State Sen. Paul Bookout (D-Jonesboro) was handed an $8,000 fine and a reprimand from the Arkansas Ethics Commission for his misuse of nearly $50,000 in campaign funds.
Information disclosed after a hearing on Friday (Aug. 16) showed that Bookout, a former Senate President Pro Temp, spent $5,000 on women’s clothing, $8,000 on a home surround sound system, $1,350 on country club dues, and transferred $18,000 from his campaign account to a personal bank account.
Bookout said he would not step down from his seat and he declared he would reimburse his contributors on a pro rata basis after returning $49,000 to his campaign account.
In a statement to Fox 16 reporter David Goins, Bookout said:
“I respect the process of the Arkansas Ethics Commission that led to their decision and I fully intend to abide by it. I have cooperated with the Commission on these matters since the issues first arose and were brought to my attention. I do not intend to appeal the decision. Amended contribution and expense reports are being filed today in conjunction with the Commission’s ruling. Those reports were updated to the best of my knowledge and ability.
I value the trust my campaign donors place in me with their political contributions. To that end, I will be reimbursing my campaign approximately $49,000, and then repaying contributors pro-rata over the next 30 days. This is not required by the Ethics Commission’s decision, but I feel it is the right thing to do, given the ruling of the Ethics Commission.
I am honored to serve the people of my district in the Arkansas Senate. I look forward to completing my final term in office focused on the issues facing our state.”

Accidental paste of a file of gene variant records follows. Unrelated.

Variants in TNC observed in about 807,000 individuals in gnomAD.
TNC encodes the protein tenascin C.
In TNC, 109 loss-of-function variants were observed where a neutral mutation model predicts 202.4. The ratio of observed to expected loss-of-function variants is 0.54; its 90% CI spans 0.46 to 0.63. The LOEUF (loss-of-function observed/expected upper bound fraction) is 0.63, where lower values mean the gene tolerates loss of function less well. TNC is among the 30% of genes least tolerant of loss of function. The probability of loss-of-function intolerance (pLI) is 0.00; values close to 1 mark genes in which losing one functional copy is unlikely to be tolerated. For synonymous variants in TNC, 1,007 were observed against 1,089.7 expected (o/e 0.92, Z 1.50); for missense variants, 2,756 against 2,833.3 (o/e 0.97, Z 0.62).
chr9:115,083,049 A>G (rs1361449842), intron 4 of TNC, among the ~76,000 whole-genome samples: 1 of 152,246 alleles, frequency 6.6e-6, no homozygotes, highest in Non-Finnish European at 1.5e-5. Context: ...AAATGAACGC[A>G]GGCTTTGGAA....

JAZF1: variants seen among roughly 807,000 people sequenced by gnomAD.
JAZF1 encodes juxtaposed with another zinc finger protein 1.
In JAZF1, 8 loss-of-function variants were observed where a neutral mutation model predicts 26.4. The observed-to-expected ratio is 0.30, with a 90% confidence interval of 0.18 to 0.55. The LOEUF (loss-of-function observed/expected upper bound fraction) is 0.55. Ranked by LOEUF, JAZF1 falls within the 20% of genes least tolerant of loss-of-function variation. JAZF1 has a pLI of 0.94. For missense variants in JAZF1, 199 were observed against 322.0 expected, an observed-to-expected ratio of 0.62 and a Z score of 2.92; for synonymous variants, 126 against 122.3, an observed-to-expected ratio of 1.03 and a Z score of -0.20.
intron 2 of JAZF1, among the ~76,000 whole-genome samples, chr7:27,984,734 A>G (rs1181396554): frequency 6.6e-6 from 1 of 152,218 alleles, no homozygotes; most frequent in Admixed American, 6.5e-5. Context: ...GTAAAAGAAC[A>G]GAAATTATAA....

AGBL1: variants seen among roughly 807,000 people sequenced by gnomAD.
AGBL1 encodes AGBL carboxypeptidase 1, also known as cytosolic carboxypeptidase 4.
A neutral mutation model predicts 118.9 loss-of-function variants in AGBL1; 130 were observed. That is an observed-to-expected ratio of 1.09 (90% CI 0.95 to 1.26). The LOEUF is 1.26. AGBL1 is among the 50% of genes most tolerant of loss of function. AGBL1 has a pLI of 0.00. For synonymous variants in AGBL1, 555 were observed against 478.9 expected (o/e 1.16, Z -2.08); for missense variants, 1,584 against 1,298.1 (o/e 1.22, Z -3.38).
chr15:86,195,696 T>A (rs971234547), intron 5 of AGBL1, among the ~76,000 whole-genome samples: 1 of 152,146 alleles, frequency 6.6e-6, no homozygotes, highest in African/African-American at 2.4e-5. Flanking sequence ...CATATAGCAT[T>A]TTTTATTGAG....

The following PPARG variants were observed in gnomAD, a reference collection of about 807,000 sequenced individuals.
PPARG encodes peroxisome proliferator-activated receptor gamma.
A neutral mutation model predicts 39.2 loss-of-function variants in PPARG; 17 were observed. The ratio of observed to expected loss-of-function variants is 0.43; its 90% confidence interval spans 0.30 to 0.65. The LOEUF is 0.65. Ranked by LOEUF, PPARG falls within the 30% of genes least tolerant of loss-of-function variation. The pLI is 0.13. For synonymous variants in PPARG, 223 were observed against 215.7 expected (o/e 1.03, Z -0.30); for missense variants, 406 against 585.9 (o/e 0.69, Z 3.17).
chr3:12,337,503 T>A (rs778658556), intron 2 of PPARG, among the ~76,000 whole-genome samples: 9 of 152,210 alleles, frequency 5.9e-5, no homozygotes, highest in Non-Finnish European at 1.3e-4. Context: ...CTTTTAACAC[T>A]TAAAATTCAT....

You can read Talk Business blogger Jason Tolbert’s previous coverage of the story at this link.
The complaint was brought forward by Bob Hester of Jonesboro who noticed the lack of documentation for a large number of transactions on Bookout’s 2012 campaign expense reports. Bookout was running unopposed but significant expenses were listed as “unitemized” or as “entertainment” on his reports.
Arkansas law requires “itemization of all single expenditures made which exceed one hundred dollars ($100), including the amount of the expenditure, the name and address of any person, including the candidate, to whom the expenditure was made, and the date the expenditure was made.”
You can read the formal motion and details from the Arkansas Ethics Commission meeting at this link.
UPDATE I: Matt DeCample, a spokesperson for Gov. Mike Beebe (D), says the findings by the commission are the most recent example of an elected official violating the public trust, but that Beebe is not asking Bookout to resign.
From Republican Party of Arkansas spokesman David Ray:
“Today’s developments regarding Paul Bookout are shocking, alarming, and greatly disappointing. This represents a very serious breach of the public’s trust. It is sad that this type of behavior is all too common among Arkansas Democrats, who have controlled the state for the last 130 years. We hope that our state’s leaders and the justice system will hold Senator Bookout accountable, just as they have in the cases of Martha Shoffner and Hudson Hallum.”
From Democratic Party of Arkansas spokesperson Candace Martin:
“Senator Bookout has a strong record of service in the Senate. It is my understanding he is reimbursing campaign donors over these issues with his campaign report. He can put this behind him and continue his service to the people of his community.”
Sen. President Michael Lamoureux (R-Russellville) said:
“I respect the decision of the Ethics Commission. Sen. Bookout has been a valued member of the Senate and a friend.”
UPDATE II: Reached after hours, Jonesboro Prosecuting Attorney Scott Ellington (D) tells Talk Business that he will review the ethics ruling on Monday and research applicable state laws that may have been violated. He said he expected to make a decision on possible action next week.
Talk Business Staff
Latest posts by Talk Business Staff (see all)
- Congressional Recap: Hill Bringing Back ‘Golden Fleece’ Award - May 24, 2015
- Talk Business & Politics Roundtable - May 24, 2015
- Made In America Vs. Made In China - May 24, 2015